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Learn Mechanical Engineering at Home Series - 5 (More About Pliers)

written by: Ricky • edited by: Lamar Stonecypher • updated: 10/6/2008

Have you ever wondered what mechanical engineering is all about? I cannot make you a certified mechanical engineer but certainly you can learn a lot about mechanical engineering by reading this Learn from Home series on mechanical engineering.

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    Introduction

    We leant about various types of pliers used in mechanical engineering in the previous article. In this article we will continue with that discussion and learn about few more types of pliers commonly used for various purposes.

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    Pliers

    Pincer Pliers

    Pincer Pliers  

    As you can see in the above picture, pincer pliers are made out of two separate pieces which are joined together at the hinge through the riveting process. The two long handles are used to apply force while the sharp edged head is used to perform various functions such as taking out nails from wood, extraction of split pins which are in such a position that they are not easily removable by normal pliers.

    Locking Pliers

    Locking Pliers  

    The pliers we have studied till now assume that the person using them has got Herculean strength (or is at least strong enough to hold both the handles tightly while applying torque) but there had to be something for ordinary mortals like us as well. Hence the locking pliers were made which can be first loosely fitted on the surface to be gripped and then they can be locked in place only to be opened by loosening that lock. This helps to apply force without having to bother about keeping the handles pressed to apply pressure or grip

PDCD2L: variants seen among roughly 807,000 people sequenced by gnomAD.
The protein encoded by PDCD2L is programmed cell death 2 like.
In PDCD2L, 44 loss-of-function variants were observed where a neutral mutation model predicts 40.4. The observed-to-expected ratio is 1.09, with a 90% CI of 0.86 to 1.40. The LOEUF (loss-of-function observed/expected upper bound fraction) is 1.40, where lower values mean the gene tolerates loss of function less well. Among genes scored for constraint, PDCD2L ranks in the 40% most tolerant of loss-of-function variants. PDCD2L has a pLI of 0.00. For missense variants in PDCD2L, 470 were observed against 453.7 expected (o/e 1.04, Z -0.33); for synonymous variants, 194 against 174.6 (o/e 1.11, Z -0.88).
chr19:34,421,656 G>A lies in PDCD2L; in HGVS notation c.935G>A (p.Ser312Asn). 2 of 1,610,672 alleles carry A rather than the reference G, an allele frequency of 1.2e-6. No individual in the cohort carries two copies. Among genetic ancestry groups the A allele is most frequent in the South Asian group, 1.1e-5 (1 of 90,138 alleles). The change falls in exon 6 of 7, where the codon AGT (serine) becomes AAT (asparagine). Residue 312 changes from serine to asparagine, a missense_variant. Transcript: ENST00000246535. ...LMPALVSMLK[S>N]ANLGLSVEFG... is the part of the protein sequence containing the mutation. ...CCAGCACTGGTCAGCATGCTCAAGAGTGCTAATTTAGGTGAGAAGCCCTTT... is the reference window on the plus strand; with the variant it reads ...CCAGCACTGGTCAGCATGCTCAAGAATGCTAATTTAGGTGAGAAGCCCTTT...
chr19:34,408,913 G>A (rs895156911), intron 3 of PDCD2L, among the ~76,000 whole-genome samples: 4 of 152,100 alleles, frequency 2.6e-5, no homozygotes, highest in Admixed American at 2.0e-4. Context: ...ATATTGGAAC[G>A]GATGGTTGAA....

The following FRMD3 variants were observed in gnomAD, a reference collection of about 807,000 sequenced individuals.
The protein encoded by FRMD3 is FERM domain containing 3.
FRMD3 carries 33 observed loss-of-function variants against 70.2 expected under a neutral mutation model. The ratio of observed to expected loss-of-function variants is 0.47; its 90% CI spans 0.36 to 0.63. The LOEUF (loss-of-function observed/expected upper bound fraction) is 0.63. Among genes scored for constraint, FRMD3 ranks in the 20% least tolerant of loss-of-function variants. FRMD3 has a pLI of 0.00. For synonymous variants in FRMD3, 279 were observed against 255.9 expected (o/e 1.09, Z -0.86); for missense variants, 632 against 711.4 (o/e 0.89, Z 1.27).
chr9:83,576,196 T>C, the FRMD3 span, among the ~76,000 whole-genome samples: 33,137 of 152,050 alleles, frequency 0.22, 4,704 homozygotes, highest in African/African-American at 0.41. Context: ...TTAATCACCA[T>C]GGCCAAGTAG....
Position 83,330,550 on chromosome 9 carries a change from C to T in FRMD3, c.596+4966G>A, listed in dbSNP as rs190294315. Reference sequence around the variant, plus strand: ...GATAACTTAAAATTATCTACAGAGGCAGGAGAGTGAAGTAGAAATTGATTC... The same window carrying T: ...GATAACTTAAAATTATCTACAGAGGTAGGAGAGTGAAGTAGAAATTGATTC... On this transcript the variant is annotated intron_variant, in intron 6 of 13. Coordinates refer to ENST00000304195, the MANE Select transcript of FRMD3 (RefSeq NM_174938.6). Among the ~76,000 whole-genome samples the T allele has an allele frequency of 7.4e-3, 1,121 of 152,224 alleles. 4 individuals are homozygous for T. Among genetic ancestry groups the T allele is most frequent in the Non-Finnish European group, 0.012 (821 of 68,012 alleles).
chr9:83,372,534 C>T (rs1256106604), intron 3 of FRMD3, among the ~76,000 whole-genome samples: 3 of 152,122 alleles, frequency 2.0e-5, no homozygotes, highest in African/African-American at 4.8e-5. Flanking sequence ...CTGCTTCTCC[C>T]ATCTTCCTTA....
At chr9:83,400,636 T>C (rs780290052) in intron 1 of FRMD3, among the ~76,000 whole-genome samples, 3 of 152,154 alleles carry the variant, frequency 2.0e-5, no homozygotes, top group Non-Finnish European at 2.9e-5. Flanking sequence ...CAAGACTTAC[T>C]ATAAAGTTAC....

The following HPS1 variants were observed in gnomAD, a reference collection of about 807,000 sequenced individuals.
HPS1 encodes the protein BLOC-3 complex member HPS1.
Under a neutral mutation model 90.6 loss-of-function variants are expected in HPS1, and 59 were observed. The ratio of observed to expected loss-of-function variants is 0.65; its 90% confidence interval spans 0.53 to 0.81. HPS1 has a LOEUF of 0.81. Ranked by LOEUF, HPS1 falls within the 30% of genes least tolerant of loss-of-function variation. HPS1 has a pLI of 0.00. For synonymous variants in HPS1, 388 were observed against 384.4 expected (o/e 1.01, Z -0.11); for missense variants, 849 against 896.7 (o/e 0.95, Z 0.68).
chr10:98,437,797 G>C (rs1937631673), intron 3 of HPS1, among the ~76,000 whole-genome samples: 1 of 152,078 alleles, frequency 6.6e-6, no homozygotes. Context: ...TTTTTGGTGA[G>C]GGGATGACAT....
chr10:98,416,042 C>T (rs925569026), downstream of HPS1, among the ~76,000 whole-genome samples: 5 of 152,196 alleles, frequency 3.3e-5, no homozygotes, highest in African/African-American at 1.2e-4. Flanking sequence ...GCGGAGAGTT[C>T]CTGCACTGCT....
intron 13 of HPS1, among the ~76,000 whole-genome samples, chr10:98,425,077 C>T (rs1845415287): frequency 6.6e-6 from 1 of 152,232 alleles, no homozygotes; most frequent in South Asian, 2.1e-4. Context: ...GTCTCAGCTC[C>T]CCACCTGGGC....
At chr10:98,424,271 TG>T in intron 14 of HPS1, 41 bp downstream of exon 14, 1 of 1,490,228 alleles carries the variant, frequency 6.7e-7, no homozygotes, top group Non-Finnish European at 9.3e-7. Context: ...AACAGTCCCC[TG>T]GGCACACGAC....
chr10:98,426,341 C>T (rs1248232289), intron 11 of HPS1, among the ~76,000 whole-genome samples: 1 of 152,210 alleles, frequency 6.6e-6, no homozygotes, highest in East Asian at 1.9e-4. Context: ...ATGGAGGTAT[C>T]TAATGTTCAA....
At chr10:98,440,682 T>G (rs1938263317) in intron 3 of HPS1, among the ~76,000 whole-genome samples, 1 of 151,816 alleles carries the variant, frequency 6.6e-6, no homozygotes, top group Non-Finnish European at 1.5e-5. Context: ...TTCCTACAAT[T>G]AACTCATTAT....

Cutter Pliers

    Cutter Pliers  

    As you must have guessed from the name itself, these pliers are not used for any gripping function but purely for cutting purposes. This can cut wires, thin sheets and so forth. As you must have also noticed that the two metal strips protruding out from the plastic covers on the handles. These act as springs to keep the pliers in the open position so that after cutting it is easily returned to the open jaw position.

    Hence we saw that there are several types of pliers used in engineering. Let me also remind you that this list is by no means exhaustive, rather it is simply indicative. Yet at the same time we did cover most commonly found pliers and any other pliers are simply minor variations of these types only. For example gas pliers are quite similar to pincer pliers but they have teeth on the inside of their jaws so that objects such as pipes, joints, unions etc can be handled effectively. This concludes our study about pliers and in the next article we will learn about various types of hammers used for mechanical works.

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